As Facebook rolls out stricter adherence to its policy banning the sale of animals through sales groups, some horse traders are feeling the pinch. How much has our reliance on social media changed the horse sale scene?
Social media has become our “everything” in this day and age — we share our life events, we keep in touch with distant friends and relatives (or, let’s be honest, just “like” posts and photos), we track our fitness. A large number of you will read this post because you saw the link on social media, be it Facebook, Twitter, G+, Pinterest or others. And for lots of us in the equestrian world, social media has become the way we do business: we post horses for sale, we inquire about ads that interest us, we share our tack and equipment.
So when Facebook started strictly enforcing its “no sale of animals” policy in the past few days, many sellers were left feeling like their biggest resource for sharing horses for sale had suddenly slammed shut — though the policy had been in place for a long time, at least in regards to Facebook Marketplace. Marketplace is Facebook’s sales feature, allowing users to post items for sale in a group with a listed price; interested potential buyers can contact the seller directly via the ad. This feature was rolled out in October of 2016.
Marketplace has always prohibited the sale of animals within groups according to its Commerce Policy — however, the rule seemingly had not been enforced heavily, as equine sales groups have been helping facilitate connections between buyers and sellers for years. This week, however, sellers are met with messages such as the following when they attempt to post an ad:
“I only post in horse sales groups,” describes Kait Schultz of Thunder Crest Performance Horses, who buys, trains and sells horses, specializing in off-track Thoroughbreds as well as warmbloods. “I always uncheck the ‘post to Marketplace’ option because it won’t let you post an ad, period, if you select that option. Some of my ads are still going through, but some are not, and I can’t figure out what the difference is between the groups where I’m posting.”
It’s unclear why Facebook is suddenly cracking down on enforcing its policies when a thriving e-marketplace for horse sales has been helping connect buyers and sellers for years. Some animal rights activists are viewing this apparent change as a good thing, believing it will help reduce backyard breeders and puppy mills by taking away their sales space; horse traders are pushing back with online petitions with claims that losing their sales space will increase the dumping of horses at auctions. Both arguments seem specious, but the fact remains that this policy is affecting lots of horse owners, traders, breeders and even rescues seeking to adopt out their animals.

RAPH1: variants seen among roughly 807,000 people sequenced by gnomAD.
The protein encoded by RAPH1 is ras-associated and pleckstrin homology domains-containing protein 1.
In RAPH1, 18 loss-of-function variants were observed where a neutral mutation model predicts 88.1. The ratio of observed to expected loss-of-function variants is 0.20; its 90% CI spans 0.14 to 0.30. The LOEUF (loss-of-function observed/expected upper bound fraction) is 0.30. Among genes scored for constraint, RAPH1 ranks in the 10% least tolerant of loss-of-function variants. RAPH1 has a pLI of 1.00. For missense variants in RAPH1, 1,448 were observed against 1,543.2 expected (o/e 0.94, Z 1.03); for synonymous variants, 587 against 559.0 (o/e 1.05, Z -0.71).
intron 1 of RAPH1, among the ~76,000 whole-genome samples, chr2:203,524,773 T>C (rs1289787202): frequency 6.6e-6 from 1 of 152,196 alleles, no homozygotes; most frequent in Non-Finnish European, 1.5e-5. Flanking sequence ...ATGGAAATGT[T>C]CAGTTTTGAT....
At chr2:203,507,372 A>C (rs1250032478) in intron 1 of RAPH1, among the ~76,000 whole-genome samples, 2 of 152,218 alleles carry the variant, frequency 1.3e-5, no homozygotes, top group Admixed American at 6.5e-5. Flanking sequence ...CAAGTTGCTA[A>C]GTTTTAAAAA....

However, all of this discussion raises a key question: what did we do before Facebook?
Sure, having your social media and your horse shopping available through one app at your fingertips is certainly convenient, but before the advent of social marketing people still managed to buy and sell plenty of horses. Just how critical is having Facebook’s Marketplace service for horse sellers? The jury is still out.
“At this point, I use Facebook mostly for the ‘why hasn’t this horse already sold’ ads, for horses that I haven’t already placed through my connections and networking,” Schultz states. “On the other hand, Facebook helped me build that network in the first place.”
However, less than a decade ago, equine sales sites were the standard: “I sold one of my first OTTB projects from Equine.com, and that ad brought traffic to my website where I soon sold a second horse thanks to a phone call,” Schultz adds. “Originally, when you started selling horses on Facebook, it seemed like buyers had some sort of agenda — I had a lot of people asking me ‘why is this horse for sale?’ and asking if I was just trying to ‘flip’ horses. Now, it’s totally the norm to list your sales on Facebook as a trainer.”
For professionals like Schultz who have built a network of connections with that intangible but extremely valuable word-of-mouth reputation that helps bridge more contacts, losing Facebook’s sales option may hinder their efforts. For other trainers trying to get their operations off the ground, a lack of social media marketplace may seriously hurt their business. Will we see a return to the equine sales sites? Or will Facebook relax its policies again?
Weigh in, readers — share your thoughts in the comments section!